This document is usually embedded in responses from the Adapter and informs the database about all metadata of the Virtual Schema, especially the contained Virtual Tables and it's columns. The Adapter can store so called adapterNotes on each level (schema, table, column), to remember information which might be relevant for the Adapter in future. In the example below, the Adapter remembers the table partitioning and the data type of a column which is not directly supported in EXASOL. The Adapter has these information during pushdown and can consider the table partitioning during pushdown or can add an appropriate cast for the column.

{"schemaMetadata":{
    "adapterNotes": {
        "lastRefreshed": "2015-03-01 12:10:01",
        "key": "Any custom schema state here"
    },
    "tables": [
    {
        "type": "table",
        "name": "EXASOL_CUSTOMERS",
        "adapterNotes": {
            "hivePartitionColumns": ["CREATED", "COUNTRY_ISO"]
        },
        "columns": [
        {
            "name": "ID",
            "dataType": {
                "type": "DECIMAL",
                "precision": 18,
                "scale": 0
            },
            "isIdentity": true
        },
        {
            "name": "COMPANY_NAME",
            "dataType": {
                "type": "VARCHAR",
                "size": 1000,
                "characterSet": "UTF8"
            },
            "default": "foo",
            "isNullable": false,
            "comment": "The official name of the company",
            "adapterNotes": {
                "hiveType": {
                    "dataType": "List<String>"
                }
            }
        },
        {
            "name": "DISCOUNT_RATE",
            "dataType": {
                "type": "DOUBLE"
            }
        }
        ]
    },
    {
        "type": "table",
        "name": "TABLE_2",
        "columns": [
        {
            "name": "COL1",
            "dataType": {
                "type": "DECIMAL",
                "precision": 18,
                "scale": 0
            }
        },
        {
            "name": "COL2",
            "dataType": {
                "type": "VARCHAR",
                "size": 1000
            }
        }
        ]
    }
    ]
}}

Notes

  • adapterNotes is an optional field which can be attached to the schema, a table or a column. It can be an arbitrarily nested Json document.

The following EXASOL data types are supported:

Decimal:

{
    "name": "C_DECIMAL",
    "dataType": {
        "type": "DECIMAL",
        "precision": 18,
        "scale": 2
    }
}

Double:

{
    "name": "C_DOUBLE",
    "dataType": {
        "type": "DOUBLE"
    }
}

Varchar:

{
    "name": "C_VARCHAR_UTF8_1",
    "dataType": {
        "type": "VARCHAR",
        "size": 10000,
        "characterSet": "UTF8"
    }
}
{
    "name": "C_VARCHAR_UTF8_2",
    "dataType": {
        "type": "VARCHAR",
        "size": 10000
    }
}
{
    "name": "C_VARCHAR_ASCII",
    "dataType": {
        "type": "VARCHAR",
        "size": 10000,
        "characterSet": "ASCII"
    }
}

Char:

{
    "name": "C_CHAR_UTF8_1",
    "dataType": {
        "type": "CHAR",
        "size": 3
    }
}
{
    "name": "C_CHAR_UTF8_2",
    "dataType": {
        "type": "CHAR",
        "size": 3,
        "characterSet": "UTF8"
    }
}
{
    "name": "C_CHAR_ASCII",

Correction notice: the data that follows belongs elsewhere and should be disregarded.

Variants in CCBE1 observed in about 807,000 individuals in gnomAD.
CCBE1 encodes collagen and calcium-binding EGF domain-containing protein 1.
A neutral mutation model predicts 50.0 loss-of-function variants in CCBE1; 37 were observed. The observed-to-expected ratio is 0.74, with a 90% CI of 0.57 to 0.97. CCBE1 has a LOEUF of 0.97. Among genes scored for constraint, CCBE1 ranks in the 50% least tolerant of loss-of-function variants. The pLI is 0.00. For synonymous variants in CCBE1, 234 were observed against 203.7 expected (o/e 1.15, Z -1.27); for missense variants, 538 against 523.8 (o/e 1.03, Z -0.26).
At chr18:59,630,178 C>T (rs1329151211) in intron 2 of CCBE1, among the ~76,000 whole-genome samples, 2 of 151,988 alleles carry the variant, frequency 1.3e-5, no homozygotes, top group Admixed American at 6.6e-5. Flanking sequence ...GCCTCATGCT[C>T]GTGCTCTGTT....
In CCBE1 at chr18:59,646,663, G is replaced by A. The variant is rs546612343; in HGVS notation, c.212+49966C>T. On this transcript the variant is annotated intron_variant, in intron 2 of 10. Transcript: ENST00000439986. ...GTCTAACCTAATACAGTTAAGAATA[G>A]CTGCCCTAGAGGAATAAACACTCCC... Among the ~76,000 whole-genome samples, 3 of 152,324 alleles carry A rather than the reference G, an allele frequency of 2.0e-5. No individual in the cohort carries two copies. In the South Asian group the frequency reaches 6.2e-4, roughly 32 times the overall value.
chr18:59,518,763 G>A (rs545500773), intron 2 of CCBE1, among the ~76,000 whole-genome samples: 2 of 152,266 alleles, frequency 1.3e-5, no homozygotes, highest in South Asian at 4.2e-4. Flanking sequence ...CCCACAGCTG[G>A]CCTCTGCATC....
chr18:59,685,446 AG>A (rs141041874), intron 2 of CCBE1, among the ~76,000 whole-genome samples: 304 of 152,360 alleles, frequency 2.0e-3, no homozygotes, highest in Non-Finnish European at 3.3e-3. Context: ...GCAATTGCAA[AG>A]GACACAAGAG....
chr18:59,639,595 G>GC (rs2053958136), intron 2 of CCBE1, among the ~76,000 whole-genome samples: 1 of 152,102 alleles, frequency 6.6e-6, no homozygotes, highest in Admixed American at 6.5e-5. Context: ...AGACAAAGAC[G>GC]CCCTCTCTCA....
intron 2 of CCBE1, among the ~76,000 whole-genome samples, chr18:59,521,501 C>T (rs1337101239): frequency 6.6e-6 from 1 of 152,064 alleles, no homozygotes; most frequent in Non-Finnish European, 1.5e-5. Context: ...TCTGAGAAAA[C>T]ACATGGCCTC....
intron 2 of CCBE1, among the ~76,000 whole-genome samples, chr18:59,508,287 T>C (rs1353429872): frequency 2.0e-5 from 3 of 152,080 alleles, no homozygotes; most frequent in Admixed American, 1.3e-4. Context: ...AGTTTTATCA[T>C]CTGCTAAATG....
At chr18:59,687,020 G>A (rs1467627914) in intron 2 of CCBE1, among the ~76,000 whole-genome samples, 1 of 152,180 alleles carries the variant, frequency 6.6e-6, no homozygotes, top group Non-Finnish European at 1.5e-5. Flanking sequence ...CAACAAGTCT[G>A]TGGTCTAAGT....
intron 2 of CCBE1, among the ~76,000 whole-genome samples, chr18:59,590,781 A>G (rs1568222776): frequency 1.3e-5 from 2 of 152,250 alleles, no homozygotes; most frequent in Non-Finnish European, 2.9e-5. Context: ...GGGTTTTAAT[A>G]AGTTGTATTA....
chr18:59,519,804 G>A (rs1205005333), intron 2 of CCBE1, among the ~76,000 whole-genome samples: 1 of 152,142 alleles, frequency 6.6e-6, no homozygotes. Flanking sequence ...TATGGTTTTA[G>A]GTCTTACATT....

"dataType": {
        "type": "CHAR",
        "size": 3,
        "characterSet": "ASCII"
    }
}

Date:

{
    "name": "C_DATE",
    "dataType": {
        "type": "DATE"
    }
}

Timestamp:

{
    "name": "C_TIMESTAMP_1",
    "dataType": {
        "type": "TIMESTAMP"
    }
}
{
    "name": "C_TIMESTAMP_2",
    "dataType": {
        "type": "TIMESTAMP",
        "withLocalTimeZone": false
    }
}
{
    "name": "C_TIMESTAMP_3",
    "dataType": {
        "type": "TIMESTAMP",
        "withLocalTimeZone": true
    }
}

Boolean:

{
    "name": "C_BOOLEAN",
    "dataType": {
        "type": "BOOLEAN"
    }
}

Geometry:

{
    "name": "C_GEOMETRY",
    "dataType": {
        "type": "GEOMETRY",
        "srid": 1
    }
}
Interval:
{
    "name": "C_INTERVAL_DS_1",
    "dataType": {
        "type": "INTERVAL",
        "fromTo": "DAY TO SECONDS"
    }
}

{
    "name": "C_INTERVAL_DS_2",
    "dataType": {
        "type": "INTERVAL",
        "fromTo": "DAY TO SECONDS",
        "precision": 3,
        "fraction": 4
    }
}
{
    "name": "C_INTERVAL_YM_1",
    "dataType": {
        "type": "INTERVAL",
        "fromTo": "YEAR TO MONTH"
    }
}
{
    "name": "C_INTERVAL_YM_2",
    "dataType": {
        "type": "INTERVAL",
        "fromTo": "YEAR TO MONTH",
        "precision": 3
    }
}

Expressions

This section handles the expressions that can occur in a pushdown request. Expressions are consistently encoded in the following way. This allows easy and consisting parsing and serialization.

{
    "type": "<type-of-expression>",
    ...
}

Each expression-type can have any number of additional fields of arbitrary type. In the following sections we define the known expressions.

Table

This element currently only occurs in from clause

{
    "type": "table",
    "name": "CLICKS"
}

Column Lookup

{
    "type": "column",
    "tableName": "T",
    "tablePosFromClause": 0,
    "columnNr": 0,
    "name": "ID"
}

Notes

  • tablePosFromClause: Position of the table in the from clause, starting with 0. Required for joins where same table occurs several times.
  • columnNr: column number in the virtual table, starting with 0

Literal

{
    "type": "literal_null"
}
{
    "type": "literal_string",
    "value": "my string"
}
{
    "type": "literal_double",
    "value": "1.234"
}
{
    "type": "literal_exactnumeric",
    "value": "12345"
}
{
    "type": "literal_bool",
    "value": true
}
{
    "type": "literal_date",
    "value": "2015-12-01"
}
{
    "type": "literal_timestamp",